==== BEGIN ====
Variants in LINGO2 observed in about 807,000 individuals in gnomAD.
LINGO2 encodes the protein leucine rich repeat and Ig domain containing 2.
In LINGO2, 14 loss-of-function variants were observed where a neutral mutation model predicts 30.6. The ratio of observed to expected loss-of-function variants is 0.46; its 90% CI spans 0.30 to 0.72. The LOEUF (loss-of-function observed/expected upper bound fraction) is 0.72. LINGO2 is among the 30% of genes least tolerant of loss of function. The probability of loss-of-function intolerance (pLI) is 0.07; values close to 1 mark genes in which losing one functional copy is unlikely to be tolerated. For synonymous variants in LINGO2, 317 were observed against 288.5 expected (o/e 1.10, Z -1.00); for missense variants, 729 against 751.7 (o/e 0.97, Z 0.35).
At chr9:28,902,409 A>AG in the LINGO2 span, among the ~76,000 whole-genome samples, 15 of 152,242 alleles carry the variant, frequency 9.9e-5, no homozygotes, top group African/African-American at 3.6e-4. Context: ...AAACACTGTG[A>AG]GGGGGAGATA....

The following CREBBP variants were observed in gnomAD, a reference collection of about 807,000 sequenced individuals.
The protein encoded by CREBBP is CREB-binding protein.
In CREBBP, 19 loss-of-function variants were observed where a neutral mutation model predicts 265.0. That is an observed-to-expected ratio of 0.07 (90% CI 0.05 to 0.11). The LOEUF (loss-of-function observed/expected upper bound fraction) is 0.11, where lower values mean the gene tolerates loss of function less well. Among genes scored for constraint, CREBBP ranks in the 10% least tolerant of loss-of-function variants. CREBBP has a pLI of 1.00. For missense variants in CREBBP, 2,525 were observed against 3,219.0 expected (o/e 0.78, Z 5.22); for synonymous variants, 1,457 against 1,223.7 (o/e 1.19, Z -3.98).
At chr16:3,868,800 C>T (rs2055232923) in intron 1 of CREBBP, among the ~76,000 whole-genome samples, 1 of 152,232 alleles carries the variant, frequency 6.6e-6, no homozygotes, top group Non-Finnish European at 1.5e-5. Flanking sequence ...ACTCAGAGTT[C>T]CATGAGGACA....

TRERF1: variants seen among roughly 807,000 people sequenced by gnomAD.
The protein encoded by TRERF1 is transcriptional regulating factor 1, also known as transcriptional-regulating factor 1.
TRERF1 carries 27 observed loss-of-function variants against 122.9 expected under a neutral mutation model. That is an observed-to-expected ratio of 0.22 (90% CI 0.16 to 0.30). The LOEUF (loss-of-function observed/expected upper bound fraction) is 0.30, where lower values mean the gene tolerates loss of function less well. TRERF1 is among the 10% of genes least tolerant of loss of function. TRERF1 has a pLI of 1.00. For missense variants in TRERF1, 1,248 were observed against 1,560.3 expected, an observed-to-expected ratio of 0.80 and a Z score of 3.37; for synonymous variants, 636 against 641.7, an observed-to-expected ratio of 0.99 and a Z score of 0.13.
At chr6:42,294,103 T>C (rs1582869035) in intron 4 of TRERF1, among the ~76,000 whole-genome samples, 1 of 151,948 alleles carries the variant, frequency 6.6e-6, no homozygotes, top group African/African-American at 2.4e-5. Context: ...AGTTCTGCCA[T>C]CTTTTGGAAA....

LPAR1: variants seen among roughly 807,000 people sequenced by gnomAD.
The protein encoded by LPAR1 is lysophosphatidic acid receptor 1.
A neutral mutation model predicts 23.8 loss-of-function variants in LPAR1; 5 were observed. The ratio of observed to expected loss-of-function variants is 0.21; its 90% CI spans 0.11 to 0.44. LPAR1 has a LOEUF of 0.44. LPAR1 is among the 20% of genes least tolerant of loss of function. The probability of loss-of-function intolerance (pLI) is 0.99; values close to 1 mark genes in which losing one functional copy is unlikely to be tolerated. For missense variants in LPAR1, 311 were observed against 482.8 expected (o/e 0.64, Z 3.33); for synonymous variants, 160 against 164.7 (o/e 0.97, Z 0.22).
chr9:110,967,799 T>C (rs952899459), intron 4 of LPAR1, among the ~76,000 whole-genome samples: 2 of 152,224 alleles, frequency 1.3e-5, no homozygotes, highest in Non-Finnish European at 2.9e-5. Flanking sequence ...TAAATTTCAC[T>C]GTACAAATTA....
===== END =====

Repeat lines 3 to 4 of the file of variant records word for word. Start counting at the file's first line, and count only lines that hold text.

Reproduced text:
In LINGO2, 14 loss-of-function variants were observed where a neutral mutation model predicts 30.6. The ratio of observed to expected loss-of-function variants is 0.46; its 90% CI spans 0.30 to 0.72. The LOEUF (loss-of-function observed/expected upper bound fraction) is 0.72. LINGO2 is among the 30% of genes least tolerant of loss of function. The probability of loss-of-function intolerance (pLI) is 0.07; values close to 1 mark genes in which losing one functional copy is unlikely to be tolerated. For synonymous variants in LINGO2, 317 were observed against 288.5 expected (o/e 1.10, Z -1.00); for missense variants, 729 against 751.7 (o/e 0.97, Z 0.35).
At chr9:28,902,409 A>AG in the LINGO2 span, among the ~76,000 whole-genome samples, 15 of 152,242 alleles carry the variant, frequency 9.9e-5, no homozygotes, top group African/African-American at 3.6e-4. Context: ...AAACACTGTG[A>AG]GGGGGAGATA....